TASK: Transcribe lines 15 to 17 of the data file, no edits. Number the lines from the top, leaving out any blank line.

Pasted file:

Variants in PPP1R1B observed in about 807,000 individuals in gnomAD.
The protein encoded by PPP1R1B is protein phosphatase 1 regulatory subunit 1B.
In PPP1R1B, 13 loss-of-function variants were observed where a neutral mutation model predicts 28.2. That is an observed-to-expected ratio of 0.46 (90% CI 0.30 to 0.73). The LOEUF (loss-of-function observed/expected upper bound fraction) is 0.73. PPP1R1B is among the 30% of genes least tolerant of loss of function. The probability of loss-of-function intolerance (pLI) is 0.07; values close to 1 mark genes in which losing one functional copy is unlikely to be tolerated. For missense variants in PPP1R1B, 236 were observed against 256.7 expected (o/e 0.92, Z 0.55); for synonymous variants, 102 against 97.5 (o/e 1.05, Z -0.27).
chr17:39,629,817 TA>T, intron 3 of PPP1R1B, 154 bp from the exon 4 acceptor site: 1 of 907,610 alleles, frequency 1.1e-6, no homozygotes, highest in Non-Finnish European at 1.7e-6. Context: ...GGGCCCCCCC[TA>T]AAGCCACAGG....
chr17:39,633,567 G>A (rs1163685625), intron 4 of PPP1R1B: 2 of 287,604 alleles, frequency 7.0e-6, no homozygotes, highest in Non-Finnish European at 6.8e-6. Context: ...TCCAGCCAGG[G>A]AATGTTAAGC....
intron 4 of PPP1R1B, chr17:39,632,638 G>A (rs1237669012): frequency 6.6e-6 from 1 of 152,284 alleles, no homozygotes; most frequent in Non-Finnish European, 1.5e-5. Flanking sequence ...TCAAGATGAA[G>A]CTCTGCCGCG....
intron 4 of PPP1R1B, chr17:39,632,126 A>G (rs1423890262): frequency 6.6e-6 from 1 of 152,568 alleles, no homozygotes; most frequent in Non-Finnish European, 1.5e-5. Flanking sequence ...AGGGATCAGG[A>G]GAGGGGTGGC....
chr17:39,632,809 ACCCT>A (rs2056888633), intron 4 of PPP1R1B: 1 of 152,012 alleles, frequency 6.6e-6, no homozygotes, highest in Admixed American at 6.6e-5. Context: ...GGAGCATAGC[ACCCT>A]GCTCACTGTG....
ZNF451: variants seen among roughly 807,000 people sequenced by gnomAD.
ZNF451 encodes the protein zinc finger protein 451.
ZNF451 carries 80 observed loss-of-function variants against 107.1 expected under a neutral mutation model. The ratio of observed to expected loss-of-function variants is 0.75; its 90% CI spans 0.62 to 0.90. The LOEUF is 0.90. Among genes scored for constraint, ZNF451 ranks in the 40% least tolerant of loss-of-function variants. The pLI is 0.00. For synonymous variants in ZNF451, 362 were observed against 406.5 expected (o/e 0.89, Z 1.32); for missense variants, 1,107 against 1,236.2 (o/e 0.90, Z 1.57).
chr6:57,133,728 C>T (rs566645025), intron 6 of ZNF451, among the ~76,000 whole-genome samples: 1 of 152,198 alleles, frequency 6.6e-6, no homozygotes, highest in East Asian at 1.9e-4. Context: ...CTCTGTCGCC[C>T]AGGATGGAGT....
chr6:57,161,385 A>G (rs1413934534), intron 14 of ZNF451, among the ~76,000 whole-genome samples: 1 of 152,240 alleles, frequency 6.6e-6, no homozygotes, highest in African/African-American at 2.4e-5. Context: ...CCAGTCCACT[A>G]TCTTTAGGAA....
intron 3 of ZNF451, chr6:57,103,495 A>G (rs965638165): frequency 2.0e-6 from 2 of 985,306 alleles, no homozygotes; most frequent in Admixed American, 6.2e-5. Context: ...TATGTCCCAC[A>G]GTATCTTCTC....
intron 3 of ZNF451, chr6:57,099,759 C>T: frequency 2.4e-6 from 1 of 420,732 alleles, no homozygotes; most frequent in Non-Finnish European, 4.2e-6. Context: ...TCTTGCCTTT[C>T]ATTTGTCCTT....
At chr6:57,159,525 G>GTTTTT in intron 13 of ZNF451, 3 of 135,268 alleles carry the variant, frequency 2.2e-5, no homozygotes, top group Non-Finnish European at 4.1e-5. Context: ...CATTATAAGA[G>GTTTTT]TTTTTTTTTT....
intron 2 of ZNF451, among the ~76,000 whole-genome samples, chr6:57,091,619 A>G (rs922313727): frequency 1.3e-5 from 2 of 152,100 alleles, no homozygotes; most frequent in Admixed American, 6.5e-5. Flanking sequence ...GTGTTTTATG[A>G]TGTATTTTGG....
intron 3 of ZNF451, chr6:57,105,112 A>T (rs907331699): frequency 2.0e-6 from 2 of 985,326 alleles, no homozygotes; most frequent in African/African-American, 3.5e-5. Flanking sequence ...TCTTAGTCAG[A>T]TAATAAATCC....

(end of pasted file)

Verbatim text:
intron 3 of ZNF451, chr6:57,099,759 C>T: frequency 2.4e-6 from 1 of 420,732 alleles, no homozygotes; most frequent in Non-Finnish European, 4.2e-6. Context: ...TCTTGCCTTT[C>T]ATTTGTCCTT....
At chr6:57,159,525 G>GTTTTT in intron 13 of ZNF451, 3 of 135,268 alleles carry the variant, frequency 2.2e-5, no homozygotes, top group Non-Finnish European at 4.1e-5. Context: ...CATTATAAGA[G>GTTTTT]TTTTTTTTTT....
intron 2 of ZNF451, among the ~76,000 whole-genome samples, chr6:57,091,619 A>G (rs922313727): frequency 1.3e-5 from 2 of 152,100 alleles, no homozygotes; most frequent in Admixed American, 6.5e-5. Flanking sequence ...GTGTTTTATG[A>G]TGTATTTTGG....